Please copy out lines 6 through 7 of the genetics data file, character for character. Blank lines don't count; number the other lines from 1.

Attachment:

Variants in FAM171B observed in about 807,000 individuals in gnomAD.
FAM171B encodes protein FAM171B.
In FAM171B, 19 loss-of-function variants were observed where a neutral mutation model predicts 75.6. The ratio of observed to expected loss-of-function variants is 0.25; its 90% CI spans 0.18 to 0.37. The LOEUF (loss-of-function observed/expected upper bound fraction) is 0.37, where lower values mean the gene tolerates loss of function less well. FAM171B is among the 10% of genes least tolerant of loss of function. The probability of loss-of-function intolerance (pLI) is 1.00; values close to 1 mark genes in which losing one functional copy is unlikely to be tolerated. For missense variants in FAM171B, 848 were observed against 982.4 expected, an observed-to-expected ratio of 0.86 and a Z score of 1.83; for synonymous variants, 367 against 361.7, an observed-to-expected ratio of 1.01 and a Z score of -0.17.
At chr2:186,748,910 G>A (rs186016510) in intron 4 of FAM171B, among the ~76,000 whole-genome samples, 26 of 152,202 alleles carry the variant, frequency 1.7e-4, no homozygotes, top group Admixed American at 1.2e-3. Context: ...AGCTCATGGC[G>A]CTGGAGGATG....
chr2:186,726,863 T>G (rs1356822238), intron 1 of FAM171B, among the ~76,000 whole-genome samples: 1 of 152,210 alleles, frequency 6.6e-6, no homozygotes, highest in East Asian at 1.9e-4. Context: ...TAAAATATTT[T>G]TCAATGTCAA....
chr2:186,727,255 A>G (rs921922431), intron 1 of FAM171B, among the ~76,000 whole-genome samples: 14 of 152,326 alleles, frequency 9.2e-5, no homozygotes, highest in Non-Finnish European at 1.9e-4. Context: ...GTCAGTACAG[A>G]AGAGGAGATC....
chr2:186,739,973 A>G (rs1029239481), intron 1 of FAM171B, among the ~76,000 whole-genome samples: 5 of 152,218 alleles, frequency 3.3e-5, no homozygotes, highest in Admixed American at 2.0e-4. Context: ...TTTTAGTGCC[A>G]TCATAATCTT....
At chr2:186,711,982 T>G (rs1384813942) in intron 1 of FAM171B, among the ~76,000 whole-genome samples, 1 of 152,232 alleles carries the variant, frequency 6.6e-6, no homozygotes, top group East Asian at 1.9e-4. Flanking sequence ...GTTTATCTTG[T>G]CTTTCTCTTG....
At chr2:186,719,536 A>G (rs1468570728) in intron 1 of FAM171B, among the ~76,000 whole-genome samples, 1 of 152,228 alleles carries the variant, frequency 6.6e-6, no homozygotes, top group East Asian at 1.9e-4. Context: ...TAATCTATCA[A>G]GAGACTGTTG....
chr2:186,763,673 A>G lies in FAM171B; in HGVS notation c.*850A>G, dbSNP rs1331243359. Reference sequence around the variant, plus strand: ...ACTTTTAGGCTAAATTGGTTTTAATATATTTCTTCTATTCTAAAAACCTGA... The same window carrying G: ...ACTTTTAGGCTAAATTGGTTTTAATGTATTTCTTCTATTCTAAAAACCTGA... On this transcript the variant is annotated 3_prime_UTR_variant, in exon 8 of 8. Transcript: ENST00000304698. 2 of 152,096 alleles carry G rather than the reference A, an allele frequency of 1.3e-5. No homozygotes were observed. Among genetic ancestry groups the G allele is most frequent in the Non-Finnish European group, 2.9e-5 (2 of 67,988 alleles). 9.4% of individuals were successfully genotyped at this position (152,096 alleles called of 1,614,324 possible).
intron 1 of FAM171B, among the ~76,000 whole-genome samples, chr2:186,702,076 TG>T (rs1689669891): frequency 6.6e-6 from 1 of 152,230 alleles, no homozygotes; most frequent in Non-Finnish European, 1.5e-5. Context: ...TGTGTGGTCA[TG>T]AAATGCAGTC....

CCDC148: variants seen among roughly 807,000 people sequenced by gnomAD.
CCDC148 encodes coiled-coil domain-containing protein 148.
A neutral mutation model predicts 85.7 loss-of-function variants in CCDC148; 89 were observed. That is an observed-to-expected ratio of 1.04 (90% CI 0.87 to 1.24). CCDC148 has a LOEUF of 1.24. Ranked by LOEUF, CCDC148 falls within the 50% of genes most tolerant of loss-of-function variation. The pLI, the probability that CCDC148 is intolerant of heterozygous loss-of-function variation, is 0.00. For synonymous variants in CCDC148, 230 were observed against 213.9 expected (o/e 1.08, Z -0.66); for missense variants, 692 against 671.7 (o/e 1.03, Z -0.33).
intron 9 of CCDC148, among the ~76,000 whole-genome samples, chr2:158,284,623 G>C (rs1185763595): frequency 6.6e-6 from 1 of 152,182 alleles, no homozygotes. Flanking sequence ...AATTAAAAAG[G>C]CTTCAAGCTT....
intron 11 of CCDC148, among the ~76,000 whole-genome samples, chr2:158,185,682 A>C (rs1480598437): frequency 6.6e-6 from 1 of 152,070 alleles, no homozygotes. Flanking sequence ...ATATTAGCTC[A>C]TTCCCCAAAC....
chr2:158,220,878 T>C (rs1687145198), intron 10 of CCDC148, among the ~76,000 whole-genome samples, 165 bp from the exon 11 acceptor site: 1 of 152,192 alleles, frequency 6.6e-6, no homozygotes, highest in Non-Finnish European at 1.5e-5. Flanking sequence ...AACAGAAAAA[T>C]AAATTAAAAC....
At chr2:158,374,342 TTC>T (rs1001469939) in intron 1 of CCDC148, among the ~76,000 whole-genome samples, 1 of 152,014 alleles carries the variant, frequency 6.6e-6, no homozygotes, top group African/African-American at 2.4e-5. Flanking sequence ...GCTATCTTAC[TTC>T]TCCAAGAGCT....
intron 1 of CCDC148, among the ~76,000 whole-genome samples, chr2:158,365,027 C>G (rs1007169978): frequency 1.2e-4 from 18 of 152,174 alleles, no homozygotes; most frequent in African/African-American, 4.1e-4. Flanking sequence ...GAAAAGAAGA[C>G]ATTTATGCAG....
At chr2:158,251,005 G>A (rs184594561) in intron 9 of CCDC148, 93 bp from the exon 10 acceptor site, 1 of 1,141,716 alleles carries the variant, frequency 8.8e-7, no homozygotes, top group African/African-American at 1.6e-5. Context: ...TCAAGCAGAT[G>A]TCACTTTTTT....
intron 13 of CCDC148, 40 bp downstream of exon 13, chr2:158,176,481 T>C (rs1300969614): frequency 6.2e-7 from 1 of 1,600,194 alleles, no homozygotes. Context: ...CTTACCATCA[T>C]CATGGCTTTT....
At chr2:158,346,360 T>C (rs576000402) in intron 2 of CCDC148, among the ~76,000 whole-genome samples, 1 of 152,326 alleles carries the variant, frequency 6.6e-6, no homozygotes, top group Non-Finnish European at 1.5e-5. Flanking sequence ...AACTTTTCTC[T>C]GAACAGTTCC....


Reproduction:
chr2:186,727,255 A>G (rs921922431), intron 1 of FAM171B, among the ~76,000 whole-genome samples: 14 of 152,326 alleles, frequency 9.2e-5, no homozygotes, highest in Non-Finnish European at 1.9e-4. Context: ...GTCAGTACAG[A>G]AGAGGAGATC....
chr2:186,739,973 A>G (rs1029239481), intron 1 of FAM171B, among the ~76,000 whole-genome samples: 5 of 152,218 alleles, frequency 3.3e-5, no homozygotes, highest in Admixed American at 2.0e-4. Context: ...TTTTAGTGCC[A>G]TCATAATCTT....